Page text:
Excession is the fourth Culture novel by Iain M. As different groups both within and outwith the Culture vie for control of the OCP, Banks explores the moral dilemmas presented to a galactic superpower facing its potential destruction. The Excession of the title is a perfect black-body sphere that appears mysteriously on the edge of Culture space, appearing to be older than the Universe itself. The artifact resists the attempts of the Culture and technologically equivalent societies notably the Zetetic Elench to probe it. The Affront , a rapidly expanding race named for its systematic sadism towards subject species and its own females and junior males, also try to exploit the Excession by infiltrating a store of mothballed Culture warships and using them to claim control of the mysterious object.

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Excession by Iain M. Joining me for this review of the fourth book in Iain M. So let me ask first: what exactly is a black body? Joseph Michael Owens: A black body is an idealized physical body that absorbs all incident electromagnetic radiation , regardless of frequency or angle of incidence. A black body in thermal equilibrium that is, at a constant temperature emits electromagnetic radiation called black-body radiation.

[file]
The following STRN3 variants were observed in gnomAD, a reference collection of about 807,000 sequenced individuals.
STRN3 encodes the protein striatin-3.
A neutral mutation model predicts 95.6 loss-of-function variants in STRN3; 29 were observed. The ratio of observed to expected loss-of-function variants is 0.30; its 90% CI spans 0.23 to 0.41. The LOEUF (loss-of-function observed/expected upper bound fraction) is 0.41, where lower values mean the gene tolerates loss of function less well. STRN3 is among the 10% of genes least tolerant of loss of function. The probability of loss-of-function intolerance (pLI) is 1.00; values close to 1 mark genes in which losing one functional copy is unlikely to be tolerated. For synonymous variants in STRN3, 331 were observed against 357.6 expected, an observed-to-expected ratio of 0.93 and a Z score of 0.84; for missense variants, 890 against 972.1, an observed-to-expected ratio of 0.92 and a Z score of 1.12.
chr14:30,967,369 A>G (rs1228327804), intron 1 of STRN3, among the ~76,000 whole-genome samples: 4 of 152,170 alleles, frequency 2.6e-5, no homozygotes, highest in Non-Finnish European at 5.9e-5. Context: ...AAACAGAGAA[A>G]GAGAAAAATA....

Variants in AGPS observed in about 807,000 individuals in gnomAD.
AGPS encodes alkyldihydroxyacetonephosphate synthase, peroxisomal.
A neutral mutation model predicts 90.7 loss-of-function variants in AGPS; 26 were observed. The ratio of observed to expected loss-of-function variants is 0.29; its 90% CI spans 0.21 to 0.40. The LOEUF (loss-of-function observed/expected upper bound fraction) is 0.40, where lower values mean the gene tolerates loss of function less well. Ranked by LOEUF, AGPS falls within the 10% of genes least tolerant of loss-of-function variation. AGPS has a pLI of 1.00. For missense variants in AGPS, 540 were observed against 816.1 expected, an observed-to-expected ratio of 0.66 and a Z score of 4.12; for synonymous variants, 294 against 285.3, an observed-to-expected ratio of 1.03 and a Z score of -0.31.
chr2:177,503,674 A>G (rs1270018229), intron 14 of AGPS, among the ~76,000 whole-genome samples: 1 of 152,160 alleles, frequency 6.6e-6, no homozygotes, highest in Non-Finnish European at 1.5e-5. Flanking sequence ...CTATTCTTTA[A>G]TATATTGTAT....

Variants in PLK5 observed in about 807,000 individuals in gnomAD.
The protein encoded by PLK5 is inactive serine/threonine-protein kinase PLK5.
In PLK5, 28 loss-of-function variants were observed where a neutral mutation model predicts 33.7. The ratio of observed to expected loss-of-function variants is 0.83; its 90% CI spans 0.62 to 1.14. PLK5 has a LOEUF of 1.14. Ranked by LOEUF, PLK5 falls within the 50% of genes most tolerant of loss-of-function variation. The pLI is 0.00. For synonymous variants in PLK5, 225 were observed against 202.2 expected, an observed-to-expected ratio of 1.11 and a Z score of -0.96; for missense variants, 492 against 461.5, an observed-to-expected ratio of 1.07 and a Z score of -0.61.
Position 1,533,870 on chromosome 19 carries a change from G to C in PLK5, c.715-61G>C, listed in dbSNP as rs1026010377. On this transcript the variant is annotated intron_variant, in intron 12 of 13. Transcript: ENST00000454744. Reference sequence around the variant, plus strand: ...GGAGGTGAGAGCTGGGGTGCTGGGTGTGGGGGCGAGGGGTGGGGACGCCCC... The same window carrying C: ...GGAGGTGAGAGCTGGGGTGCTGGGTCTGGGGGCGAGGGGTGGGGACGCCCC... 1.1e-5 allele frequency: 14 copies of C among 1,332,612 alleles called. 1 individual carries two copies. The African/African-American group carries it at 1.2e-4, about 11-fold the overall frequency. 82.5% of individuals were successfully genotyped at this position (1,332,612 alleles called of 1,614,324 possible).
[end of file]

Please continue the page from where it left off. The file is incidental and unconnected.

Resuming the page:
In the first three books, the protagonists were always human and told from their perspective. What are some of the things you guys enjoyed about Excession? Kyle Muntz : For me, Excession broadened the scope of the Culture universe more than any of the books so far, as well as going in really different directions formally and structurally.

JMO: I agree with both of you. To emphasize even more what Kyle said, there really is an endless amount of cool stuff, but the thing s I liked most were the Interesting Times Gang ITG , the group of Minds who are sort of. PTL: Excession introduces us to the Affront. Affronter society rested on a huge base of ruthlessly exploited juvenile geldings and a subclass of oppressed females. Their cruelty was the point. They were not thoughtless. Next to some of the bestial races introduced in the Culture like the Azadians and Idirans, where does the Affront stand for you guys?